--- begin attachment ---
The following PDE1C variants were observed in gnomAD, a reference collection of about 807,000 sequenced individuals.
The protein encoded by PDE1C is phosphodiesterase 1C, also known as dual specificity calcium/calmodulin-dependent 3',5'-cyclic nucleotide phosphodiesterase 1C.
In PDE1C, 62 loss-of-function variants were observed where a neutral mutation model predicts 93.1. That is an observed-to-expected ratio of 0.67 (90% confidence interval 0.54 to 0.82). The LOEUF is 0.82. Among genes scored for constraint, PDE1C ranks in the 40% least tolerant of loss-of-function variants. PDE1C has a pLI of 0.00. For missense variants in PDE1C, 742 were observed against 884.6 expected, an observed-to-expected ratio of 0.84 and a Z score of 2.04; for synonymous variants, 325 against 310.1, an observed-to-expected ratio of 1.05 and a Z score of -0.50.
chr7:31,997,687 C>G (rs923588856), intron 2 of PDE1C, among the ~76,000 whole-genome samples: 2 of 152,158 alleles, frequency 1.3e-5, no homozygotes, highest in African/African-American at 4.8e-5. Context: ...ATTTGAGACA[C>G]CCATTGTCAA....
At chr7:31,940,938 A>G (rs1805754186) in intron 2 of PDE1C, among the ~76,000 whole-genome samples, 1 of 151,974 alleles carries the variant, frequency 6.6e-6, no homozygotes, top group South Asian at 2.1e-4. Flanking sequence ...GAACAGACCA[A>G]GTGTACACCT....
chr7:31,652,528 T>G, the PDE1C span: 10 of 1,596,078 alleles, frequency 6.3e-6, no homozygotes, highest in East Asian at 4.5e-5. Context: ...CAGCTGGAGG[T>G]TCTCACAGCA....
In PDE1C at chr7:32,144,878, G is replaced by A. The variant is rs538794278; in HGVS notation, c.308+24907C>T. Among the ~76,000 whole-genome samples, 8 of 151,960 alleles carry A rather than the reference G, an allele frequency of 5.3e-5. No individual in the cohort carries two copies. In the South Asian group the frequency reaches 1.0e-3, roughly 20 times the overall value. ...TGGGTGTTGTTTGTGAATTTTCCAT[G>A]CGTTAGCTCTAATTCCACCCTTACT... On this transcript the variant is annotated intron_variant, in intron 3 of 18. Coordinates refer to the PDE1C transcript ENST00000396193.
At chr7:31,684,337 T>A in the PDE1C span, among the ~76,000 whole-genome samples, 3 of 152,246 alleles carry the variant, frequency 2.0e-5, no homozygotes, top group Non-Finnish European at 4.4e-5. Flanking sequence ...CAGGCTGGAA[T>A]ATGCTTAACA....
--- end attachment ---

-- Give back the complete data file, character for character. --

The following PDE1C variants were observed in gnomAD, a reference collection of about 807,000 sequenced individuals.
The protein encoded by PDE1C is phosphodiesterase 1C, also known as dual specificity calcium/calmodulin-dependent 3',5'-cyclic nucleotide phosphodiesterase 1C.
In PDE1C, 62 loss-of-function variants were observed where a neutral mutation model predicts 93.1. That is an observed-to-expected ratio of 0.67 (90% confidence interval 0.54 to 0.82). The LOEUF is 0.82. Among genes scored for constraint, PDE1C ranks in the 40% least tolerant of loss-of-function variants. PDE1C has a pLI of 0.00. For missense variants in PDE1C, 742 were observed against 884.6 expected, an observed-to-expected ratio of 0.84 and a Z score of 2.04; for synonymous variants, 325 against 310.1, an observed-to-expected ratio of 1.05 and a Z score of -0.50.
chr7:31,997,687 C>G (rs923588856), intron 2 of PDE1C, among the ~76,000 whole-genome samples: 2 of 152,158 alleles, frequency 1.3e-5, no homozygotes, highest in African/African-American at 4.8e-5. Context: ...ATTTGAGACA[C>G]CCATTGTCAA....
At chr7:31,940,938 A>G (rs1805754186) in intron 2 of PDE1C, among the ~76,000 whole-genome samples, 1 of 151,974 alleles carries the variant, frequency 6.6e-6, no homozygotes, top group South Asian at 2.1e-4. Flanking sequence ...GAACAGACCA[A>G]GTGTACACCT....
chr7:31,652,528 T>G, the PDE1C span: 10 of 1,596,078 alleles, frequency 6.3e-6, no homozygotes, highest in East Asian at 4.5e-5. Context: ...CAGCTGGAGG[T>G]TCTCACAGCA....
In PDE1C at chr7:32,144,878, G is replaced by A. The variant is rs538794278; in HGVS notation, c.308+24907C>T. Among the ~76,000 whole-genome samples, 8 of 151,960 alleles carry A rather than the reference G, an allele frequency of 5.3e-5. No individual in the cohort carries two copies. In the South Asian group the frequency reaches 1.0e-3, roughly 20 times the overall value. ...TGGGTGTTGTTTGTGAATTTTCCAT[G>A]CGTTAGCTCTAATTCCACCCTTACT... On this transcript the variant is annotated intron_variant, in intron 3 of 18. Coordinates refer to the PDE1C transcript ENST00000396193.
At chr7:31,684,337 T>A in the PDE1C span, among the ~76,000 whole-genome samples, 3 of 152,246 alleles carry the variant, frequency 2.0e-5, no homozygotes, top group Non-Finnish European at 4.4e-5. Flanking sequence ...CAGGCTGGAA[T>A]ATGCTTAACA....